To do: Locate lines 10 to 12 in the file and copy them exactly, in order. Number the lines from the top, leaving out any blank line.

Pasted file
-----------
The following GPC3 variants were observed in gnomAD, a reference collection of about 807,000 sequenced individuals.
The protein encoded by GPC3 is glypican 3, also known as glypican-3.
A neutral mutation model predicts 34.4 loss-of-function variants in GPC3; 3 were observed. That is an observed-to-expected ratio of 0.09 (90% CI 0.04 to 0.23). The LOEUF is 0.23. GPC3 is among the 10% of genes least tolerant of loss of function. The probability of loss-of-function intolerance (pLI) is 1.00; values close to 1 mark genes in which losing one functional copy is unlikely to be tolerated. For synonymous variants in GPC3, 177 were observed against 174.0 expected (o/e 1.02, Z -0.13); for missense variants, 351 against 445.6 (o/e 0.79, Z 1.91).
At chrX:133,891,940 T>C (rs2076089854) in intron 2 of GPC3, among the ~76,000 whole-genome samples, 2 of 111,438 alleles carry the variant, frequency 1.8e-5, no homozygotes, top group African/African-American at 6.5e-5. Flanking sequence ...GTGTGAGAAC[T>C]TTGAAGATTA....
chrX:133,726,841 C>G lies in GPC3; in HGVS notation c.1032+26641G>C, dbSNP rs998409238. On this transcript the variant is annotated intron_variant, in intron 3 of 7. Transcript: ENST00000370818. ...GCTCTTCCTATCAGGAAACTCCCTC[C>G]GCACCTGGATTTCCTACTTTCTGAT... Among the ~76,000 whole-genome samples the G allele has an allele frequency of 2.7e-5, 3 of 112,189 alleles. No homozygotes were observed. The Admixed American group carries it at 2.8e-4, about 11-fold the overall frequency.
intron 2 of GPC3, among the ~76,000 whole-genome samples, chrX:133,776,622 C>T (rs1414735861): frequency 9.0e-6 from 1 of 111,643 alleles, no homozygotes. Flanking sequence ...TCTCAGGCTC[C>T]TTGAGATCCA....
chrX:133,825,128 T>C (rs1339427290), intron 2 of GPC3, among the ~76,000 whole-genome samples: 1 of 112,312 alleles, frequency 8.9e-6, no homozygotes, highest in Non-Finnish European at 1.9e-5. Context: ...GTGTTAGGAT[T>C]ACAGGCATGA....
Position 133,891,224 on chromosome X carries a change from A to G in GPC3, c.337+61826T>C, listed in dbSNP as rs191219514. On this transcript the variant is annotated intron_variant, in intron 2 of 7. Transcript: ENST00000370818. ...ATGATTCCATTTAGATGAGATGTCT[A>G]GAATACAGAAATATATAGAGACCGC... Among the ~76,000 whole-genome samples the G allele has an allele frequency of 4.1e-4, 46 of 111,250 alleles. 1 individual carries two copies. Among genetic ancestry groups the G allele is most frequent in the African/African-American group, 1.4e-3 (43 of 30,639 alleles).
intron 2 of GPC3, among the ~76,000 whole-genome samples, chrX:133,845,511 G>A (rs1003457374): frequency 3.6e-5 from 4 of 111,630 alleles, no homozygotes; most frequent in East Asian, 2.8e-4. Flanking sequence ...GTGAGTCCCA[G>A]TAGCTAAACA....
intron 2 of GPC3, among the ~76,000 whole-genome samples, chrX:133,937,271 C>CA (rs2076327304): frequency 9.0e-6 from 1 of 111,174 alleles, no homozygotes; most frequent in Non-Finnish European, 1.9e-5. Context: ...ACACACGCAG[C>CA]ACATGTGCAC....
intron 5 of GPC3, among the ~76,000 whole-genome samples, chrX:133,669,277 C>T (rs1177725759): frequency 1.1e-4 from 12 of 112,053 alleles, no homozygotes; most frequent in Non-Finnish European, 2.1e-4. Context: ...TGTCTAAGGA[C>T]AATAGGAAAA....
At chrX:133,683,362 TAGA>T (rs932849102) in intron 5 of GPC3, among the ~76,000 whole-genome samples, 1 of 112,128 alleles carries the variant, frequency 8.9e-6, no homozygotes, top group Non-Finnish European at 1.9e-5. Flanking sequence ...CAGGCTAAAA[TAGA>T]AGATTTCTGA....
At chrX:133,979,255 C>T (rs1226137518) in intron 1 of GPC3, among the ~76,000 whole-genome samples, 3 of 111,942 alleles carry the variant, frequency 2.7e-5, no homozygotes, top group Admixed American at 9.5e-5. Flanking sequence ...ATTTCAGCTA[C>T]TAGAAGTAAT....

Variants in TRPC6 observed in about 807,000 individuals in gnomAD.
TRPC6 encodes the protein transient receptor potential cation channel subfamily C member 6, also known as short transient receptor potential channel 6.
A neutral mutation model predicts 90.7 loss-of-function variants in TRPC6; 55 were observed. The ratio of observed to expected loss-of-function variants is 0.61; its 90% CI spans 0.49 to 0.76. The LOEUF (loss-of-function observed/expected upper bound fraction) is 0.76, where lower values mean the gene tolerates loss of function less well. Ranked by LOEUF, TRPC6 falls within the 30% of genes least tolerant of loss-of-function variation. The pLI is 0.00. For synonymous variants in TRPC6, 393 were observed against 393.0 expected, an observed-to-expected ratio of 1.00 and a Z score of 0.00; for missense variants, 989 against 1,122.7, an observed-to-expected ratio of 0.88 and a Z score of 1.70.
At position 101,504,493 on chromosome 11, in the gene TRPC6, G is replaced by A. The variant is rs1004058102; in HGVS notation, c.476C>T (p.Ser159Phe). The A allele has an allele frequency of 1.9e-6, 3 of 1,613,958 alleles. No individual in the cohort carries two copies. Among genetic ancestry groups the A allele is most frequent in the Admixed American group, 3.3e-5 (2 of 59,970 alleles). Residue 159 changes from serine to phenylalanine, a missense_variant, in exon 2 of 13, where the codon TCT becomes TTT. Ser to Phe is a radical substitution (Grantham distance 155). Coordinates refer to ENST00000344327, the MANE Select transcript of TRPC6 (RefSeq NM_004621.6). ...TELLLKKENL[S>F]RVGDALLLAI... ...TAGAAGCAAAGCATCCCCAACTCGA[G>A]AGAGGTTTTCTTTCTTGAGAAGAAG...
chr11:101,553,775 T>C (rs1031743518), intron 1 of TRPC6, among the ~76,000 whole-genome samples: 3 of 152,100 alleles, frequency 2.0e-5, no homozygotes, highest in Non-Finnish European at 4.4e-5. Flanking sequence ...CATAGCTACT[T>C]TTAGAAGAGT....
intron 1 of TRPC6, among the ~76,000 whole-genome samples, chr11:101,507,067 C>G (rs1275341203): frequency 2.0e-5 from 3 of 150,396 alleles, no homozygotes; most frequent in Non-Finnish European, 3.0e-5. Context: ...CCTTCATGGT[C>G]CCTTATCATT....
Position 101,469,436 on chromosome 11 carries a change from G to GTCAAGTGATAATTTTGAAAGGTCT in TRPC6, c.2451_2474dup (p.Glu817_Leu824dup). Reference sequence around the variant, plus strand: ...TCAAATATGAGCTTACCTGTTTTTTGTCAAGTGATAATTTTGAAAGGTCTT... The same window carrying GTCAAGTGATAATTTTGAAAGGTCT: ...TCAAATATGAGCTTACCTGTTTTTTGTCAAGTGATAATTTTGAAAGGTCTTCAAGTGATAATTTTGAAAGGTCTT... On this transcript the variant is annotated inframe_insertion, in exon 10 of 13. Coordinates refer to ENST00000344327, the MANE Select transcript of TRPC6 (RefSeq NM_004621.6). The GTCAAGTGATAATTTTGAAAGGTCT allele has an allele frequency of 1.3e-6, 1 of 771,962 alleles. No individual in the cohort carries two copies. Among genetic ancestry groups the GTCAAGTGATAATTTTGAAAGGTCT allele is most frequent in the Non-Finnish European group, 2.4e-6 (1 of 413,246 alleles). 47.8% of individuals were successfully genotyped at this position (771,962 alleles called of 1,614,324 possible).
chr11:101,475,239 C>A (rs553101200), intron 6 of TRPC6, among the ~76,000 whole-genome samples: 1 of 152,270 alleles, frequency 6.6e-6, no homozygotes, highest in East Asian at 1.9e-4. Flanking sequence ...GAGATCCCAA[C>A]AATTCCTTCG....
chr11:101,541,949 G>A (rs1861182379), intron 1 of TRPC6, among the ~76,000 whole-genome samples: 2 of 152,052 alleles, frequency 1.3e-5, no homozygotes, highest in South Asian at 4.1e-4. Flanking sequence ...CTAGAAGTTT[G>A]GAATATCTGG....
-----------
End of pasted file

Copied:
intron 2 of GPC3, among the ~76,000 whole-genome samples, chrX:133,937,271 C>CA (rs2076327304): frequency 9.0e-6 from 1 of 111,174 alleles, no homozygotes; most frequent in Non-Finnish European, 1.9e-5. Context: ...ACACACGCAG[C>CA]ACATGTGCAC....
intron 5 of GPC3, among the ~76,000 whole-genome samples, chrX:133,669,277 C>T (rs1177725759): frequency 1.1e-4 from 12 of 112,053 alleles, no homozygotes; most frequent in Non-Finnish European, 2.1e-4. Context: ...TGTCTAAGGA[C>T]AATAGGAAAA....
At chrX:133,683,362 TAGA>T (rs932849102) in intron 5 of GPC3, among the ~76,000 whole-genome samples, 1 of 112,128 alleles carries the variant, frequency 8.9e-6, no homozygotes, top group Non-Finnish European at 1.9e-5. Flanking sequence ...CAGGCTAAAA[TAGA>T]AGATTTCTGA....